Law & Policy: Rules & Regulations
- MLB Considering Changes to Boost Offense, Pace
by Bob Nightengale August 2016
Major League Baseball, alarmed by the game's lack of action this season, is considering making the most radical changes to the game in more than a century. Commissioner Rob Manfred said baseball is contemplating everything from altering the strike zone to limiting the number of pitching changes in a game, to curtailing the number of shifts, to even installing 20-second time clocks for pitchers. If these changes are implemented, it would lead to perhaps the most radical rule changes since 1889, when baseball reduced the number of balls to constitute a walk to four. Certainly, it would have more impact than the American League instituting the designated hitter in 1973.
- New Preseason Football Practice Guidelines Considered
by Ernie Clark August 2016
Double sessions of preseason practice have represented a rite of passage for generations of high school football players. Two-a-days are underway this week at many Maine schools under strict guidelines regulating the length of practice sessions, protective equipment used, amount of contact allowed, and recovery time -- all designed to help players cope with the mid-August heat. "The biggest concern with preseason is acclimatization, acclimatization not only to the heat but also re-acclimatization to the sport," said Chris Sementelli, program manager for MaineGeneral Sports Medicine in Augusta and a liaison to the Maine Principals' Association sports medicine committee. While double sessions remain the norm at many high schools, some programs have veered away from the tradition for reasons that have less to do with Mother Nature and more to do with changing demographics and competing demands.
- HS Under Investigation for Possible Practice Violations
by Rick Ryan August 2016
The West Virginia Secondary School Activities Commission is looking into possible football practice violations by Class A power Wheeling Central. The possible violations in question involve players wearing pads during the first week of practice, which began Aug. 1 for high schools in West Virginia.
- Study: Most NCAA Violations Involve Big-Money Sports
by Eric Olson August 2016
Big-money sports football and men's basketball were involved in 83 percent of NCAA Division I major infractions cases from 1953 to 2014, according to the first study of its kind released Tuesday. Probation and public reprimand and censure were the most common penalties.
- Opinion: Despite Dangers, Kickoffs Belong in NFL
by Paul Woody August 2016
Nothing about football is safe. As players have gotten bigger, stronger and faster, the game has moved from a collision sport to something close to a car wreck on almost every play. The NFL constantly tries to make the game safer, but it borders on a losing proposition. Players give little thought to their bodies or future once they take the field.
- Indiana to Experiment with 40-Second Play Clock
by Gordon Engelhardt August 2016
Indiana will be guinea pigs for the rest of the country, using a 40-second clock similar to what is used in the college ranks. For years, Indiana used a 25-second clock. Once a play was over, the umpire spotted the ball for play and signaled for a 25-second clock to begin, counting down to the next snap.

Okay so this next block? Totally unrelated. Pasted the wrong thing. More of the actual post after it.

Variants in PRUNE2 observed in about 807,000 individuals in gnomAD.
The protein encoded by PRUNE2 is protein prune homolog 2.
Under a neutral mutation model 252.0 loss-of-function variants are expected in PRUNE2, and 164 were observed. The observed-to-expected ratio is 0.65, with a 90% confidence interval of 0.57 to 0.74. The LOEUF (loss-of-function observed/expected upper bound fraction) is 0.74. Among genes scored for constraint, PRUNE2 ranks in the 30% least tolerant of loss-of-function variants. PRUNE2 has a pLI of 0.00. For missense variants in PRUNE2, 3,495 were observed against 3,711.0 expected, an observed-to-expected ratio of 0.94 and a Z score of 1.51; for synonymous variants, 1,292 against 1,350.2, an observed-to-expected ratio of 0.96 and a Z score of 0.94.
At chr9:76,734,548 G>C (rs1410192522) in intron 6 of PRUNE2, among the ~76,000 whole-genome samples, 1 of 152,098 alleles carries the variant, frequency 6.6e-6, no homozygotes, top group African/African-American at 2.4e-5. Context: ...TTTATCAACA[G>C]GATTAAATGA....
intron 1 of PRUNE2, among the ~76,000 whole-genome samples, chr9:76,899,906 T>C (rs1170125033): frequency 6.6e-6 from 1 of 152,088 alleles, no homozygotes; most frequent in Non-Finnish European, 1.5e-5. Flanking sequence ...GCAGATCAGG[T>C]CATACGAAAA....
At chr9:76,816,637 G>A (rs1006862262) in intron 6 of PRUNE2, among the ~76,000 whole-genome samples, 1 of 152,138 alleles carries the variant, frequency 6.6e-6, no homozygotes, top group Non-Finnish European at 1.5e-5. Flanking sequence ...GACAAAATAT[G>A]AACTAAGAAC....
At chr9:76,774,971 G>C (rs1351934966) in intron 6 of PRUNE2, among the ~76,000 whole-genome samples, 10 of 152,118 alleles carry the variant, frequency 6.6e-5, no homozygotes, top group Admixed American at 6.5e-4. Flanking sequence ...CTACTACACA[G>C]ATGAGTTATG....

- Opinion: Petty Transfer Rules Need to Be Overhauled
by Jeff Schultz August 2016
Head coaches leave for other jobs in the middle of contracts all the time. The players? They're stuck. Because scholarships tend to be a one-way contracts
- NCAA Accepts Mizzou Sanctions, Adds Probation Year
by Topeka Capital-Journal August 2016
The NCAA infractions committee panel's findings over what it said were roughly $11,400 in improper inducements and benefits given to players and a recruit by two boosters was released Tuesday, nearly seven months after Missouri admitted NCAA violations dating to 2011.
- Olympics an Opportunity for NCAA Athletes to Cash In
by Steve Berkowitz August 2016
Kyle Snyder couldn't get much more than an athletic scholarship from Ohio State this past school year, when he won an NCAA wrestling title for the Buckeyes as a sophomore. But he did get paid by somebody else to wrestle. In addition to $50,000 for winning a world championship in September, USA Wrestling has been giving Snyder $1,000 a month to cover training expenses -- both without running afoul of NCAA rules. "We dot the I's and cross the T's," said USA Wrestling national teams high performance manager Cody Bickley, who added that his organization discussed Snyder's situation with members of Ohio State's athletics compliance office and a member of the U.S. Olympic Committee staff. "You don't just write an NCAA athlete a check. They have questions on how it works. We made sure that Ohio State understands what the NCAA and the U.S. Olympic Committee has offered up." What they've offered is an opportunity for world-class athletes in Olympic sports to keep playing for colleges even as they receive outside benefits worth hundreds to hundreds of thousands of dollars.
- Did Youth Soccer Teams Tank to Advance in Tourney?
by Jason Scott August 2016
Two soccer teams raised eyebrows as they competed in the U.S. Youth Soccer National Championships last week, when it appeared that they played to a scoreless draw on purpose in order to advance.